Not only dying for us, Jesus died to himself on the Cross. Jesus died to his self--to his self-assertions and grudges, by forgiving. This kind of forgiveness that Jesus displays to his persecutors of every time and place unites pure humility with love, with humility canceling out the self-assertion of personhood, leaving only the unadulterated triumph of pure mercy. Such is the divine forgiveness in the form of an intercessory prayer that Jesus articulates on the Cross: “Father, forgive them, since they do not know what they do.” It is both a poignant prayer and a profound theological statement.

Martin Luther King notes, “Calvary is a telescope through which we look into the long vista of eternity, and see the love of God breaking forth into time.”

A legend known as the “fourth temptation” comes from slave communities in the ante-bellum American South which illustrates this blend of humility and love. According to this legend, after Jesus had emerged victoriously from his wilderness temptations; after living courageously throughout His ministry; after the apostles failed, enemies and friends conspired in crime; then, while Jesus was hanging in excruciating pain on the cross, the devil returned and whispered in his ear, “They aren’t worth it, Lord.”

It was then, according to the legend, that he was heard to say, “Father, forgive them; for they know not what they do.”

Sören Kierkegaard, the Danish philosopher and theologian, declared that in removing from Christianity its ability to shock, it is altogether destroyed. It becomes a superficial thing, incapable of inflicting deep wounds or of healing them.

So we should be scandalized by the Cross.

Part of what is shocking to us about the Cross of Forgiveness is that God moves in irony: Jesus is slain as a criminal in the midst of criminals, yet he, an innocent, offers a prayer of forgiveness for his executioners. The righteous Innocent One suffers, though none of it is for his own actions.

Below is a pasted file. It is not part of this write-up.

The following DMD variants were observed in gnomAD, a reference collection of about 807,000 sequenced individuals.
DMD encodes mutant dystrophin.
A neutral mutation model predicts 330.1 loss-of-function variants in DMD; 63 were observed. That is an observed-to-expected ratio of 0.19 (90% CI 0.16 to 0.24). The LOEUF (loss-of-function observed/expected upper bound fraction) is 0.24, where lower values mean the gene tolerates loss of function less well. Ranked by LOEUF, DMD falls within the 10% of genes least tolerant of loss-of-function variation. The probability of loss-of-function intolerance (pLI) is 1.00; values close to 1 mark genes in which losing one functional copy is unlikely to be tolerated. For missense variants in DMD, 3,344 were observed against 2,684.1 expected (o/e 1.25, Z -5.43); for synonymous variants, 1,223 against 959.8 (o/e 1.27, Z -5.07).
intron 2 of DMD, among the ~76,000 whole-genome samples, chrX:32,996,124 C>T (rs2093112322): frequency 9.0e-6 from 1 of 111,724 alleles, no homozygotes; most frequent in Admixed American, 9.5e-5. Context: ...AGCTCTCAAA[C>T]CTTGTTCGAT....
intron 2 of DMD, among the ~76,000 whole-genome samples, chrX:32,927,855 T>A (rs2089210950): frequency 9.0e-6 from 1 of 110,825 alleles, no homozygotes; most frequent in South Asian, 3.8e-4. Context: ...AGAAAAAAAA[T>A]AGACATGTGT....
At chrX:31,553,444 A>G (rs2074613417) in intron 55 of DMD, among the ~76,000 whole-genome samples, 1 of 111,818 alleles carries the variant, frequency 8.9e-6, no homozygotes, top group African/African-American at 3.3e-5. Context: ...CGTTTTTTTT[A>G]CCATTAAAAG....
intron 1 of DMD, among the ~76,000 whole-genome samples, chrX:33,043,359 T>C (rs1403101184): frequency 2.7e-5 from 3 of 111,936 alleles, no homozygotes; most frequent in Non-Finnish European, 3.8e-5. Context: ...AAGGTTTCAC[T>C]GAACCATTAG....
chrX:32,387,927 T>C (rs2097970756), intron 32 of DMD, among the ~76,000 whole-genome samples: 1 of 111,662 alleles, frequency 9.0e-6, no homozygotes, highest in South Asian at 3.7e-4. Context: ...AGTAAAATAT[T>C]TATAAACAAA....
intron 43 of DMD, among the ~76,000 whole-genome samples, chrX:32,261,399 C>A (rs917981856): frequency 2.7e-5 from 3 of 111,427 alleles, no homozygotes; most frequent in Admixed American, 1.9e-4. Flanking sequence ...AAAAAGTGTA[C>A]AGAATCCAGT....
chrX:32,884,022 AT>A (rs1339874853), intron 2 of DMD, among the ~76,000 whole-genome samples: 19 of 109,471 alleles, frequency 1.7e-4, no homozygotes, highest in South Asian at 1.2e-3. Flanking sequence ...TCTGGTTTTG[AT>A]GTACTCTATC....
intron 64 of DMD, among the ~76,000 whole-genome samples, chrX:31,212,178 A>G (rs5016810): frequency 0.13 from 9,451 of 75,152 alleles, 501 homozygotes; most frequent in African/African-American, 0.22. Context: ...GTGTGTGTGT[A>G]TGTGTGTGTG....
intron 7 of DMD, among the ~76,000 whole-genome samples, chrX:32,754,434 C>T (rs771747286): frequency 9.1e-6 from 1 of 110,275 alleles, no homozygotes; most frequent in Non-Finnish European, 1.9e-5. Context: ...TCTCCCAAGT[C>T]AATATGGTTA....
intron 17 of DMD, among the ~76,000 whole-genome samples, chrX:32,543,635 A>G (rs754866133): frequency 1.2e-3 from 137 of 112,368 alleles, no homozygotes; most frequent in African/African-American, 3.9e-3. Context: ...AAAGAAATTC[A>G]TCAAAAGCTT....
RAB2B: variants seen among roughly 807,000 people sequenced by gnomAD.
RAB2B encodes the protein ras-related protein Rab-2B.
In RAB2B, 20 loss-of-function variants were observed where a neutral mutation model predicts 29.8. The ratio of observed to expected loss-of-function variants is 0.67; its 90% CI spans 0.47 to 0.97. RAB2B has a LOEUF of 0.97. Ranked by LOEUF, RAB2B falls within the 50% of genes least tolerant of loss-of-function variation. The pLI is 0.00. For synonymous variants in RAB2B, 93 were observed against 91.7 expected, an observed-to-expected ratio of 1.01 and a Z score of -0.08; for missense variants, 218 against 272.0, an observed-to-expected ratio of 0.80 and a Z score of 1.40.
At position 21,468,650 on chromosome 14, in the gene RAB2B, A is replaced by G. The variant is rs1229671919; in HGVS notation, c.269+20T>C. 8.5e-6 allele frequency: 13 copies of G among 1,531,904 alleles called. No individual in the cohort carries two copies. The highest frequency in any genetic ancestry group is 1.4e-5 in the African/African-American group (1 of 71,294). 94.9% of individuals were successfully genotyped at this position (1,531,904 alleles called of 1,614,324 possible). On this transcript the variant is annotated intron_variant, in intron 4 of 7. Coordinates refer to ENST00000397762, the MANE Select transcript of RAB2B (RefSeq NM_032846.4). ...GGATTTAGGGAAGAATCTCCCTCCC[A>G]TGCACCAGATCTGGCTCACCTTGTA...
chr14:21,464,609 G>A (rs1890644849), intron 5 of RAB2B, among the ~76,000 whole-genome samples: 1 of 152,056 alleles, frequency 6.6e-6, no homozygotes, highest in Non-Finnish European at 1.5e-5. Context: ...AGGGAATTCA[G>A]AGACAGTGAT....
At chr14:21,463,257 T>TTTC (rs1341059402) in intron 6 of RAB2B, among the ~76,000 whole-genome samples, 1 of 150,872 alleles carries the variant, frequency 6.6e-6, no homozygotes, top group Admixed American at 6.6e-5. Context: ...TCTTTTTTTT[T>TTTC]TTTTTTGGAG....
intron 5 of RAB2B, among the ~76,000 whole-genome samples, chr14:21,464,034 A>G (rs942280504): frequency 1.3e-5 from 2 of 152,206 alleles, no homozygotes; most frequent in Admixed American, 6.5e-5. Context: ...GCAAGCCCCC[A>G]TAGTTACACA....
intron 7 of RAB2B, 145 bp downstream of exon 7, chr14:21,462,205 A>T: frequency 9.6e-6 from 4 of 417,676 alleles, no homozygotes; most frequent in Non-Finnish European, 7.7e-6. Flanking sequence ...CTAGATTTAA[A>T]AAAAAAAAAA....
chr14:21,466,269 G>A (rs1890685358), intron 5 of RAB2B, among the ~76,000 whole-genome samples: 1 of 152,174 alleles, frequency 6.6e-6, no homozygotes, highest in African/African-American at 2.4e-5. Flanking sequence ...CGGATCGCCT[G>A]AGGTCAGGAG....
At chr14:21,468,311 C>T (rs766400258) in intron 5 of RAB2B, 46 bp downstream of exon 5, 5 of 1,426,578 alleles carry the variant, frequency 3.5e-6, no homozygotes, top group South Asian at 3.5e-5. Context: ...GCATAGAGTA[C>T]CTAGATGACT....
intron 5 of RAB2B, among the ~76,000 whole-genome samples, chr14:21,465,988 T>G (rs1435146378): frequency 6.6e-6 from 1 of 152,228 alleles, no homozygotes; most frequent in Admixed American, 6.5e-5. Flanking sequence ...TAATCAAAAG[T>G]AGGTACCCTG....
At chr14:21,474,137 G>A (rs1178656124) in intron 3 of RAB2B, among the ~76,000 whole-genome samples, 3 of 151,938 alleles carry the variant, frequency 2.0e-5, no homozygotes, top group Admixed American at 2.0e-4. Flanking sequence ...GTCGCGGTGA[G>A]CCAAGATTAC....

There had to be a cross of Forgiveness—some meaningful dramatization of God’s will and way for persons in this world to live outside themselves. Without the cross of Forgiveness there would be no gospel. The cross of Forgiveness, as opposed to the cross of the Curse, was a stumbling block to the Jews and foolishness to the Greeks; neither had had a recent word from God.

On the way up the Via Dolorosa with the I-Beam of Curse on his back, Jesus controls history as he offers fulfillment of Scripture from Psalm 22 and from Isaiah 53:12, which reads:

12”Therefore I will allot him a portion with the great, and he shall divide the spoil with the strong; because he poured out himself to death, and was numbered with the transgressors; yet he bore the sin of many, and made intercession for the transgressors.”

But on the Cross of Forgiveness, Jesus has already died to himself: by praying for those who cursed him, Jesus opens to us the Gospel of mercy. For this reason Good Friday is truly good, though a heinous day in humanity’s history of cursing others with shame and death. Good Friday is thus the pivot in Salvation history as the universal principle of humanity moves from Curse to Forgiveness.

Salvation is accomplished for us on Good Friday even though we don’t know it until Easter.

The existential view of the Cross of Forgiveness that I am proposing is thus that we need to die to ourselves in our response to Salvation: we need to give up our focus on our grudges and our self-assertive urges to curse others and instead live into the Cross of Forgiveness.

In this, then, we approach salvation as a gift from God. For it was God who suffered the Cross of Curse—and who suffered the Cross of Forgiveness.

For make no mistake, the Cross is a Cross of Suffering.

But it is Suffering swallowed up in victory!

It is the victory of forgiveness over curse. It is the victory of humility and love over selfishness. The Cross of Forgiveness is thus the manifestation of the triumph of God’s meekness; and isn’t that a scandal? For humans expect to be cursed by an assertive God and are met at Golgotha with God’s meekness. A scandal of the Cross is that God suffers, that God is meek, and yes, even, that God loves us so much as to give us the Word of the Cross.

Humans experience God’s humility and love reaching out to humanity in the expansive embrace of undeserved suffering. That embrace saves us from our ignorance and our propensity to curse others. Forgiveness is Jesus’ embrace. For this, thanks be to God.

[1] The Holy Bible : New Revised Standard Version. 1989 (Lk 23:32–34).